In many situations, these couples have amassed significant retirement accounts, pensions, real estate, and other personal assets that should be itemized for proper allocation of assets to be determined marital and non-marital property, when evaluation equitable distribution in a divorce case.  Unfortunately, this information has not been fully or openly discussed by the spouses and requires that records from employers and banking institutions be directly subpoenaed from the source to avoid continued misinformation.

Moving-Boxes-300x300

Life after a divorce can be very difficult both for the co-parents and for the children of the former marriage.  Part of what makes it easier is that children are still seeing both parents regularly and have the same social circles, schools, and sometimes home that they already know. But then life strikes, and the need to relocate has reared its head. Someone has to move, and that means that the children will be thrown into massive change again.  No matter how you slice it, when a parent has to move with or without the children, it is a huge change for a child. Making the decision to relocate is not one to take lightly or make out of haste.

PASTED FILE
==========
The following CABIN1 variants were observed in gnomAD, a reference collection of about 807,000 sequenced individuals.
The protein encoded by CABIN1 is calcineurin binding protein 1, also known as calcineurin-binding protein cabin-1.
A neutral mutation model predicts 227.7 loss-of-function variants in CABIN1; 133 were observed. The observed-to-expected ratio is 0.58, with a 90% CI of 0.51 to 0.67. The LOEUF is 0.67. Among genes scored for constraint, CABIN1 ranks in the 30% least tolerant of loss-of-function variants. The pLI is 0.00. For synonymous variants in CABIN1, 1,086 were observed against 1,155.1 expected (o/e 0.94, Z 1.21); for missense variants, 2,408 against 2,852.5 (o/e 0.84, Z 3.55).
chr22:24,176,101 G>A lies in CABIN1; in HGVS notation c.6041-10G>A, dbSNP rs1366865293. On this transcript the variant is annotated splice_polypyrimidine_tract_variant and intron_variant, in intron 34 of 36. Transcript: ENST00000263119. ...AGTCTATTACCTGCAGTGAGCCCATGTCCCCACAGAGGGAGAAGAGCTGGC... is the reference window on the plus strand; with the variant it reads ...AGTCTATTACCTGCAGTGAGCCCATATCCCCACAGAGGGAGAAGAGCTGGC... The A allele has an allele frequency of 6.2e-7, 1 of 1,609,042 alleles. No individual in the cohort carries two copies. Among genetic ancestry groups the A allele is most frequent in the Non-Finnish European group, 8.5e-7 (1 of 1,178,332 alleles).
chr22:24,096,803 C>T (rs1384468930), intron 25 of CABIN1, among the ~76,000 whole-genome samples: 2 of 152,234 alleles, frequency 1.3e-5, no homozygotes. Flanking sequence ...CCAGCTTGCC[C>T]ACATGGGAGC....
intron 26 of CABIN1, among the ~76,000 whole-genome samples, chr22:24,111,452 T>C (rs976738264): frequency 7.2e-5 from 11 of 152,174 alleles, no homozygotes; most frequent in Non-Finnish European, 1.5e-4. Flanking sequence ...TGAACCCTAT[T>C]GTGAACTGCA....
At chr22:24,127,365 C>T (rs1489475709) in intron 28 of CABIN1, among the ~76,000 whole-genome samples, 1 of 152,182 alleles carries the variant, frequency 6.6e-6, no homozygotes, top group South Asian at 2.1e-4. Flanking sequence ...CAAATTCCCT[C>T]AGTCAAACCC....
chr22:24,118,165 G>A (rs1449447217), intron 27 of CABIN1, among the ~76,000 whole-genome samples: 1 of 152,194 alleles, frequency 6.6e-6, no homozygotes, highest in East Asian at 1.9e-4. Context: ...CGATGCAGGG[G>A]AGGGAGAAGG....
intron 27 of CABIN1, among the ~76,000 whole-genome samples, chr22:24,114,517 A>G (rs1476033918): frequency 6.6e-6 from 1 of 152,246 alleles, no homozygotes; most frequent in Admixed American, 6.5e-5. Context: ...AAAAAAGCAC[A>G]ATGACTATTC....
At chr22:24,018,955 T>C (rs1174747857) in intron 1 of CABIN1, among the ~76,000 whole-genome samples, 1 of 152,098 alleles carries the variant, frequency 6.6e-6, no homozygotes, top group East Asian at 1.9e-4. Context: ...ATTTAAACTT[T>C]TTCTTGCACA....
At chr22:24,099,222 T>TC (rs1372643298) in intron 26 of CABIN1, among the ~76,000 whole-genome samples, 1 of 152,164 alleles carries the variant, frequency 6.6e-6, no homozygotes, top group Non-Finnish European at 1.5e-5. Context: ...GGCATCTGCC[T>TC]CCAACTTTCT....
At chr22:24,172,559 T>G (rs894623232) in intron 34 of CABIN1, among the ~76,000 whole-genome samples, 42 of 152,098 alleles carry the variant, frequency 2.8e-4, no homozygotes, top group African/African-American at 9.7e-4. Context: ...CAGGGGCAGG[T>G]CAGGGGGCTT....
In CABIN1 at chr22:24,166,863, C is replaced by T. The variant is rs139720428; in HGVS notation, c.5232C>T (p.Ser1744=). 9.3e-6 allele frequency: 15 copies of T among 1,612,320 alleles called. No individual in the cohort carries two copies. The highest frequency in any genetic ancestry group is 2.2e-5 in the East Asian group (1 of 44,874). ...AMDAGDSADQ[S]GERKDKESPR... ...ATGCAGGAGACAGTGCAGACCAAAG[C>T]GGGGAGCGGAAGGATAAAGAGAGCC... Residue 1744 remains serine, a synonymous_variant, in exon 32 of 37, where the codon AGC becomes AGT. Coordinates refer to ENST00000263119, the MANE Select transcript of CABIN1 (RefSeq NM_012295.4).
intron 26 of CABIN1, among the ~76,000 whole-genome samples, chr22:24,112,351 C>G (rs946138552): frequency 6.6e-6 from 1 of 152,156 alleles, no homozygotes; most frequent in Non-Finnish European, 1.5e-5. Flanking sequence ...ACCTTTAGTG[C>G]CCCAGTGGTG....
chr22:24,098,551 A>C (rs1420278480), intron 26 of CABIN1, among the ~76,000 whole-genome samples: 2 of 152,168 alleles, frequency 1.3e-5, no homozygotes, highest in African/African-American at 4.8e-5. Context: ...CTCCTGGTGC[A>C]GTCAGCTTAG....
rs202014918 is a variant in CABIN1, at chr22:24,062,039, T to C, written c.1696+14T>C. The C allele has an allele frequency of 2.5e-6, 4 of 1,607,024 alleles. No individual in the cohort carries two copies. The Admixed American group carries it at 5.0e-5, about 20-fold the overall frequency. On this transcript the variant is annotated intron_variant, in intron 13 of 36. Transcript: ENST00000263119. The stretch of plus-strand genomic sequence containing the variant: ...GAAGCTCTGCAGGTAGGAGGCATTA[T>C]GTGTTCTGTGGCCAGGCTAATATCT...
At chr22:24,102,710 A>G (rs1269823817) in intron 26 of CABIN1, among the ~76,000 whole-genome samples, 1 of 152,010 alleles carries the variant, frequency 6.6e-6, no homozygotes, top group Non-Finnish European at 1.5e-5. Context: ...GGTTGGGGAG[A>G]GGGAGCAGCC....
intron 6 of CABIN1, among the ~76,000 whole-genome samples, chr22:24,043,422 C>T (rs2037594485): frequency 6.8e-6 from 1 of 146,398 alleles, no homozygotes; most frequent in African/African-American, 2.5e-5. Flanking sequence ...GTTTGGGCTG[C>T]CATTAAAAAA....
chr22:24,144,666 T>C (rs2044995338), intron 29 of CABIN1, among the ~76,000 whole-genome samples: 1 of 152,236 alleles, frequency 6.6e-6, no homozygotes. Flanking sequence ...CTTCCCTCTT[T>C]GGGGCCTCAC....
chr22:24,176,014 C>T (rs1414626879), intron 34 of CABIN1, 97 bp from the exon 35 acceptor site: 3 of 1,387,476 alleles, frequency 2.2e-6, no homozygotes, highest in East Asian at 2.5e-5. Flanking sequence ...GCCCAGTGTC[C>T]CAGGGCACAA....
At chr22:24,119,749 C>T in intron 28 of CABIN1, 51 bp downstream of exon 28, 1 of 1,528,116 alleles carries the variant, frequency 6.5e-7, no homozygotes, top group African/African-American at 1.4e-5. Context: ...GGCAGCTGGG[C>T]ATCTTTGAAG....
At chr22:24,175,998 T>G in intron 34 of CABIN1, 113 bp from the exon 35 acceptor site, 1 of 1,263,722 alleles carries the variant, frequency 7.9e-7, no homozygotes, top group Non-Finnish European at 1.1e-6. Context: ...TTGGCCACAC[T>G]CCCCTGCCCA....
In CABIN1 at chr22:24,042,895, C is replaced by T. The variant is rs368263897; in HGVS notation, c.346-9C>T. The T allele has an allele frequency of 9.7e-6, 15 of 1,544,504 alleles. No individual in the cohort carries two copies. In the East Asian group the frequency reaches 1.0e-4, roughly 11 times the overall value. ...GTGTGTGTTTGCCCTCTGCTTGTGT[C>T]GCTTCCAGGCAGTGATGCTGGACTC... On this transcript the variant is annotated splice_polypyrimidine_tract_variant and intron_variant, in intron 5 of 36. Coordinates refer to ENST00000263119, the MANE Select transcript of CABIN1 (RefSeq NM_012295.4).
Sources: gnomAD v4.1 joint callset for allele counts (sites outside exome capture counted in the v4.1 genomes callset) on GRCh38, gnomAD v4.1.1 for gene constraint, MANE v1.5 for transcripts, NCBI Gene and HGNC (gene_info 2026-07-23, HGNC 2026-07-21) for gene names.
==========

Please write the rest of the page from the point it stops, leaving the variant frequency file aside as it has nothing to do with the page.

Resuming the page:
In most cases, Florida law requires that if you are relocating that you must follow the very specific procedures set forth in Fla. Stat. 61.13001.  These relocation procedures become applicable when either parents who is entitled to timesharing with the minor children intends to move more than fifty (50) miles away.  You can obtain permission to relocate either through the agreement with the other party, or by filing a Petition with your family court.